"That's not how you're supposed to meditate."⠀
An ex-boyfriend once said that to me. ⠀ I’d mentioned I was going to stay in bed to meditate a while before getting up--to make up for missing my session the day before.
"But you're not supposed to meditate lying down." he insisted.
He'd learned a particular tradition at a meditation center. He thought you had to sit a certain way, with your eyes open and looking in a particular direction, for a very specific amount of time...or it didn't "count" as meditation, I guess?⠀
To be clear, there's nothing at all wrong with the way he'd learned to meditate. It’s a very established and traditional technique at a popular and respected Buddhist meditation center. I’d studied there too. I loved it! But that doesn’t mean it’s the only way—or the “right” way.
So, is there a “right” way to meditate? Is there a particular way that’s best?
The best meditation technique is the technique that works best for you.
If someone has told you that their way is one "right" or “best” way to meditate, they're wrong. Sure, keep an open mind and try it out—maybe it'll turn out to be amazing for you! But remember: you are the leading expert on you. You are the ultimate authority on what works for you.
I’ve studied numerous styles and techniques at temples, monasteries, and meditation centers.
I’ve learned others in classes, meetings, and seminars about mindfulness, Christian mysticism, Wicca, psychic development, mediumship, reiki, soul retrieval, and many more. I’ve also learned some great meditation techniques from books, recorded lectures, and phone apps.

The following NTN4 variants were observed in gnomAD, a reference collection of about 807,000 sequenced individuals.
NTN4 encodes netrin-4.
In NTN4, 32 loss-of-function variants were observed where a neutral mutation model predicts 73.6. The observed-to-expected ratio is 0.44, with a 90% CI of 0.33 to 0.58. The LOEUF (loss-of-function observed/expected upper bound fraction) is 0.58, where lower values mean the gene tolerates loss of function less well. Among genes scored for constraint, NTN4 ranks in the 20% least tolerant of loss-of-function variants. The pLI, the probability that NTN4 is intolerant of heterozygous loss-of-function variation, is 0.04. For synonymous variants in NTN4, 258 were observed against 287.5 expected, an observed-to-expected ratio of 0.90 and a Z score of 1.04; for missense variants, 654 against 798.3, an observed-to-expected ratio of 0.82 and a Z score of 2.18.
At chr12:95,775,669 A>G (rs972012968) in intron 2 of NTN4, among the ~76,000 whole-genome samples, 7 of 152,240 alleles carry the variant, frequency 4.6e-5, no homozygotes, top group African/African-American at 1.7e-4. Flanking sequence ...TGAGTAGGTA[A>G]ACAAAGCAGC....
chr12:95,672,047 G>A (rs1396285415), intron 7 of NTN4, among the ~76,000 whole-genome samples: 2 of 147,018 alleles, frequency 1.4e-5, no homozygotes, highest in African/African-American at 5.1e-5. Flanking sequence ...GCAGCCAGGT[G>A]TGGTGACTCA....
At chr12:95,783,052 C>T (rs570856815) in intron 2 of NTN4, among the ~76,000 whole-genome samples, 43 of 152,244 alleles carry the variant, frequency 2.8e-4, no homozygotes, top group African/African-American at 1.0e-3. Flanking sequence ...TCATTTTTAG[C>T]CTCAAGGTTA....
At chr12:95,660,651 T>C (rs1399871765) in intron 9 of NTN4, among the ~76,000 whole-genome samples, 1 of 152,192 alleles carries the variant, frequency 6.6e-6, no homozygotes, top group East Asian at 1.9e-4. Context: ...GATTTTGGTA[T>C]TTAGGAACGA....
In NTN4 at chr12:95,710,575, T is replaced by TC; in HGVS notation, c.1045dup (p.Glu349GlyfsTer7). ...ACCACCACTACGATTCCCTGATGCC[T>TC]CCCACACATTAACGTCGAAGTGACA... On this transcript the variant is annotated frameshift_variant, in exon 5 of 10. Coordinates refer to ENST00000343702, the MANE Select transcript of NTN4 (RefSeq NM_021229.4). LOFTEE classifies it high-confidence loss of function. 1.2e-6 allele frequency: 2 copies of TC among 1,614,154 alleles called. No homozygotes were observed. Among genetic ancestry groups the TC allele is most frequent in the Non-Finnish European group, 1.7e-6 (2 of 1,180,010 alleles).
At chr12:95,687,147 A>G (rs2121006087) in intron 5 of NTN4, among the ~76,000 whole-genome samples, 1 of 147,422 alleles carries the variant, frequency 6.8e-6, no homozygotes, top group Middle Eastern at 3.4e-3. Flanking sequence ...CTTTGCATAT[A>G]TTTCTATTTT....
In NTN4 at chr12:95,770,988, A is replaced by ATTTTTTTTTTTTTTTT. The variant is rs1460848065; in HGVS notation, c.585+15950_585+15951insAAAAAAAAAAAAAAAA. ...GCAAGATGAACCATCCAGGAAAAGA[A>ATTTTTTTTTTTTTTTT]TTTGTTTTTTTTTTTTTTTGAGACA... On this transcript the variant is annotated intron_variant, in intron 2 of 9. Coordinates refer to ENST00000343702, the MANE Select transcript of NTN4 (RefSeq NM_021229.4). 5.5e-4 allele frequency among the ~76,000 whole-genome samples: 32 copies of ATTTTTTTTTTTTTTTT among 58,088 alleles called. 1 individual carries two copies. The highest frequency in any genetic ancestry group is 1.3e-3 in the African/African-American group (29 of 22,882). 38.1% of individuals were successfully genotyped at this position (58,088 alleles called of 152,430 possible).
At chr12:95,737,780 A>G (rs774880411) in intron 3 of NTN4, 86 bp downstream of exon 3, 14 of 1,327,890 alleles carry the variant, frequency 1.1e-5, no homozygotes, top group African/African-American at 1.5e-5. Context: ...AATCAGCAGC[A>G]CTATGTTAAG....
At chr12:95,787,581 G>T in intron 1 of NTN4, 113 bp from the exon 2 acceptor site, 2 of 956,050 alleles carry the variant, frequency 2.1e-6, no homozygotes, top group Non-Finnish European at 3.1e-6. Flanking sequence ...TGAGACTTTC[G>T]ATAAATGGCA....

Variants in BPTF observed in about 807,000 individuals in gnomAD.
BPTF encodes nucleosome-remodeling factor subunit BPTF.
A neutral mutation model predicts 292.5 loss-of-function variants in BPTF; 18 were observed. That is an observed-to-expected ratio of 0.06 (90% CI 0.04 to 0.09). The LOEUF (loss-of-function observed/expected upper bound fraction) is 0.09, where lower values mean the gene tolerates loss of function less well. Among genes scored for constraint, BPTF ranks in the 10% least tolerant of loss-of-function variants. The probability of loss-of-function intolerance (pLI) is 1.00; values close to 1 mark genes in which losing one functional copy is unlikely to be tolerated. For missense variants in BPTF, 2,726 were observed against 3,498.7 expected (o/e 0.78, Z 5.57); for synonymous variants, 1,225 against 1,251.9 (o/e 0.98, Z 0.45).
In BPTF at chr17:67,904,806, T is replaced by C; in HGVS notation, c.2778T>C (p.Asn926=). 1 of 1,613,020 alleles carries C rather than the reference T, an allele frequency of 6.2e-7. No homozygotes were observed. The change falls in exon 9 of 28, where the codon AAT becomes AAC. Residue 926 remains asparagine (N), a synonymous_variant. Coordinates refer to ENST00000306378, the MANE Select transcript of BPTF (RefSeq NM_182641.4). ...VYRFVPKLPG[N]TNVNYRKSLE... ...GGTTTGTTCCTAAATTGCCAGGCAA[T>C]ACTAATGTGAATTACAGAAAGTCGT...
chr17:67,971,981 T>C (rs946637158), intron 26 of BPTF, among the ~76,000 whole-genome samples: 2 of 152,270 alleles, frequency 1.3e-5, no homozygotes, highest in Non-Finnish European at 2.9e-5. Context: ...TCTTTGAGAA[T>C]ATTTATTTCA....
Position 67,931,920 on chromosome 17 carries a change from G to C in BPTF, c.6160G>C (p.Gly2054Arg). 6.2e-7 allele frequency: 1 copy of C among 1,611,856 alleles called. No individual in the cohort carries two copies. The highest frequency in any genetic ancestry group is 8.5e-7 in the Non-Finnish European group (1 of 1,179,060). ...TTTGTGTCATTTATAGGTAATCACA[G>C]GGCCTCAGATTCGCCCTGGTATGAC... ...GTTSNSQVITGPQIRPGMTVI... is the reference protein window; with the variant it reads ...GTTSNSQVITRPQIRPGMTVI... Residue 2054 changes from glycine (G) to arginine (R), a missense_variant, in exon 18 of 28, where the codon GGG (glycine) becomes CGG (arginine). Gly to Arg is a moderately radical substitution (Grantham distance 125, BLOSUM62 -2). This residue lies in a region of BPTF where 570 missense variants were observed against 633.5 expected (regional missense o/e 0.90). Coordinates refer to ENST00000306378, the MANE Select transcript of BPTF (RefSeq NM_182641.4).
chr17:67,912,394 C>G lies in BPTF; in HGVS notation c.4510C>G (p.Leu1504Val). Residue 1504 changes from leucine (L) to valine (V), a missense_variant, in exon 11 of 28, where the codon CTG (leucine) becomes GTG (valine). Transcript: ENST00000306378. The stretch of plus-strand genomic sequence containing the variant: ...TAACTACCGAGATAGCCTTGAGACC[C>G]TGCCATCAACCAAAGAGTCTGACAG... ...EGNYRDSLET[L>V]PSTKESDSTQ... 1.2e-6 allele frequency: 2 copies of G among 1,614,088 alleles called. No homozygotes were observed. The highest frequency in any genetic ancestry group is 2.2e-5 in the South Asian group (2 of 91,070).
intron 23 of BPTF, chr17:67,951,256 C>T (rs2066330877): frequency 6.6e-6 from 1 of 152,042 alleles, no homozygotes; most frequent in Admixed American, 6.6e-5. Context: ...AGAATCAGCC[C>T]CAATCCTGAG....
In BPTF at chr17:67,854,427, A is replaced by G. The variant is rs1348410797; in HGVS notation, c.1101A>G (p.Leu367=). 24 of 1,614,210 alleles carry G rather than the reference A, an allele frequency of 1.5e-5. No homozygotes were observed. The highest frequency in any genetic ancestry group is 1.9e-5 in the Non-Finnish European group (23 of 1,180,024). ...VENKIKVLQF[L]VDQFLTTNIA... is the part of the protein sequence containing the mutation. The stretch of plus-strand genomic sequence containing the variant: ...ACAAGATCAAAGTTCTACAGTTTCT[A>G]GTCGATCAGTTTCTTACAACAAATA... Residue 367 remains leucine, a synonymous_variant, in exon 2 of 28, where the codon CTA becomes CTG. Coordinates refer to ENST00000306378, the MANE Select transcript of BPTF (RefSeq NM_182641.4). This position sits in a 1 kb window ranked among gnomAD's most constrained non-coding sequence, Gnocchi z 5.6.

There's a meditation style out there for everyone!
But What if you just can’t meditate? Like, what if you’re just really bad at it?
A lot of people tell me they can't meditate. They tried. Can't do it.
Most of the time, they tried it for a very short time, in one particular way. They were uncomfortable, time crawled, and their mind stayed busy the whole time. So, they figured they’re bad at meditating.
But really, a "good meditator" is just someone who actually meditates.
They show up for it regularly and they do it--whether or not they’re feeling inspired to do so. Whether or not they think they have the time for it.
They may occasionally experience an altered state, revelation, or epiphany. But often, they simply show up, set their timer, and go through the motions—sometimes with an uncomfortable body and a restless mind. But over time—if they keep showing up—they learn to enter a deeply relaxed state and the benefits are substantial.
Meditation can reliably decrease anxiety, stress, and confusion—along with associated physical symptoms. Over time you'll start to feel calmer and gain more clarity about your thoughts and feelings, as well as the world around you.